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  • Technorati: graph / links

    The government can create jobs


    by Sunny on 5th April, 2009 at 1:42 am    

    The New York Times reports:

    Years before Washington spent $787 billion on a national stimulus bill, it staged an unintended trial run in Louisiana, a huge injection of some $51 billion for which historians find few, if any, precedents in a single state. The experiment is still playing out, but some indicators suggest that what occurred in Louisiana — dumping a large amount of reconstruction money into a confined space in the three and a half years since Hurricane Katrina — has had a positive outcome. The state’s unemployment rate of 5.7 percent in February was considerably below the national average of 8.1 percent, and it was the only state to see a drop in unemployment from December to January. It was also the only state with an increase in non-farm employment in February.

    State economists specifically mention what one called “the ongoing building boom” from federal dollars as a main reason for the numbers. Largely a result of the damage caused by Hurricane Katrina, construction projects have not dried up as they have elsewhere, and a few can even be seen in downtown New Orleans.

    I want to highlight this article as part of a narrative I’m trying to construct - on an leftwing response to the economic crisis. There are many on the right, including Charlotte Gore most recently, who keep echoing Bobby Jindal’s hilariously outdated and Milton-Friedman-textbook view that government spending is bad and doesn’t create any jobs. The evidence states otherwise.



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    1. Concerned Asian — on 5th April, 2009 at 6:20 am  

      Sunny,

      Good effort but this is painfully amateurish. Your unfamiliarity with basic economics shines through, from the heading downwards. No one but a kook would turn to Jindal for economic knowledge nor bother to refute him. Please upscale your economic reading pronto!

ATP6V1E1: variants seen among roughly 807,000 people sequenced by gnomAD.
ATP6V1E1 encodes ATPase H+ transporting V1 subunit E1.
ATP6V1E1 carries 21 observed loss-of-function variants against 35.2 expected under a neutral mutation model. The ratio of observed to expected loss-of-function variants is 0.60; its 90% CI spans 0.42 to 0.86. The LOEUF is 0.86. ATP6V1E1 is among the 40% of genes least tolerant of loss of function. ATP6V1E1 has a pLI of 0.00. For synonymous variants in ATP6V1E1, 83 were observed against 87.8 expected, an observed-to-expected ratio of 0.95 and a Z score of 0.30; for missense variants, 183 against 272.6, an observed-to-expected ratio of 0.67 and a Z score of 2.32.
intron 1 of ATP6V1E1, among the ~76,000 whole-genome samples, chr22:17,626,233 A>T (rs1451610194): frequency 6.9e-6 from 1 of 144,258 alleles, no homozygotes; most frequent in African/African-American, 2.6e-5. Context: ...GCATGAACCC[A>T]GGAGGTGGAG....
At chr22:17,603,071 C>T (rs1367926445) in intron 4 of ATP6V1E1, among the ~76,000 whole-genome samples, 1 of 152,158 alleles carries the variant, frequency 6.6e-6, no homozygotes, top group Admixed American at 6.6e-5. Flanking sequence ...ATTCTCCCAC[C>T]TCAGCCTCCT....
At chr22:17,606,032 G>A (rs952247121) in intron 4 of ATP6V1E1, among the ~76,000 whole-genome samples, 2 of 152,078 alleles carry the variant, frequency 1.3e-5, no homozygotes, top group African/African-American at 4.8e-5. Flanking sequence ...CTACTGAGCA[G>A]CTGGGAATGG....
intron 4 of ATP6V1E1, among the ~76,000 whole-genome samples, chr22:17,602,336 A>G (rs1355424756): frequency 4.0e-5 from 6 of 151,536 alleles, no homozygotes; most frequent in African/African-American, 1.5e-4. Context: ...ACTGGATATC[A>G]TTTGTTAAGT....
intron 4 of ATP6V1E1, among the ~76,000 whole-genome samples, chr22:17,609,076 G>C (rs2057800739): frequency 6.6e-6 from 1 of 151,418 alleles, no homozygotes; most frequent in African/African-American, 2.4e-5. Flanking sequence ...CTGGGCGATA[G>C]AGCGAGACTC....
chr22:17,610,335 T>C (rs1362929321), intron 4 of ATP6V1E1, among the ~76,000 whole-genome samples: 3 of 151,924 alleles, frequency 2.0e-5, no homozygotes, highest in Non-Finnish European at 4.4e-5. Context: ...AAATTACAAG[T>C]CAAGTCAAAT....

2. Rumbold — on 5th April, 2009 at 9:51 am  

      I don’t think that anyone has ever claimed that the government cannot create jobs. So what? If I had billions of pounds I could create jobs. It is not a skill in itself. The question is whether the government is more efficient than the market. Remember crowding out.

    3. Raj Saxena — on 5th April, 2009 at 10:19 am  

      1. Hurricane destroys lots of buildings.

      2. Government pays to reconstruct buildings.

      3. Jobs!

      You seem to be ignoring Step 1, Sunny.

    4. MaidMarian — on 5th April, 2009 at 12:04 pm  

      Rumbold - Yes, but I would look at this in a slightly different way. In terms of the state creating jobs we have, in Britain at least, gone down a route that is the worst of all worlds.

      The nationalised industries provided mass state employment. My grandad was a miner and though he never thought of himself as a state employee, it is difficult to see how else the National Coal Board’s employees could otherwise be described.

      Any number of nationalised industries industries that were nominally privatised were in fact put into the private sector in only a nominal sense. Railway companies, for example, do not compete in a market. They may well compete (hard) FOR a market, but that is under state franchise. The National Lottery operator may be a private sector company that competed FOR a market, but the state granted a licence.

      The system of privatisation is essentially a middle-ages system of fiefs that give a thin illusion of private enterprise but with all the inefficiency of state regulation actively distorting, monopolising, a market to back it. Moving a monopoly licence from one operator to another is not competition in any meaningful sense of the word. Worse, time and again regulators have shown that once a license is awarded there is painfully little that can be done.

      The left wing response about employment that Sunny looks for should be about going back to direct employment rather than the horribly inefficient system of licensed fiefs we see now. The problem comes when we need to say what industries should ‘go back’ to direct state oversight. I struggle to see, for example, an argument for renationalising BT.

    5. Riz Din — on 5th April, 2009 at 2:34 pm  

      After a massive crisis, gvt has to rebuild essential infrastructure, which is not really an increase in GDP even though it may be counted as such.

      I don’t doubt the necessity of some government spending (G) but how much G is a tricky thing, and what form G should take is critical. When G gets too large surely no one can doubt that like a parasite, it eats up the free enterprise that we rely on for progress. Okay, lets say you employ a man for $30k a year in public service. That’s $30k of tax payers money gone. Is that a good thing or should we give $30k of tax reduction instead?

      In terms of the economic consensus, Gregory Mankiw’s blog says that 90% of economists in a survey agreed that “Fiscal policy (e.g., tax cut and/or government expenditure increase) has a significant stimulative impact on a less than fully employed economy”.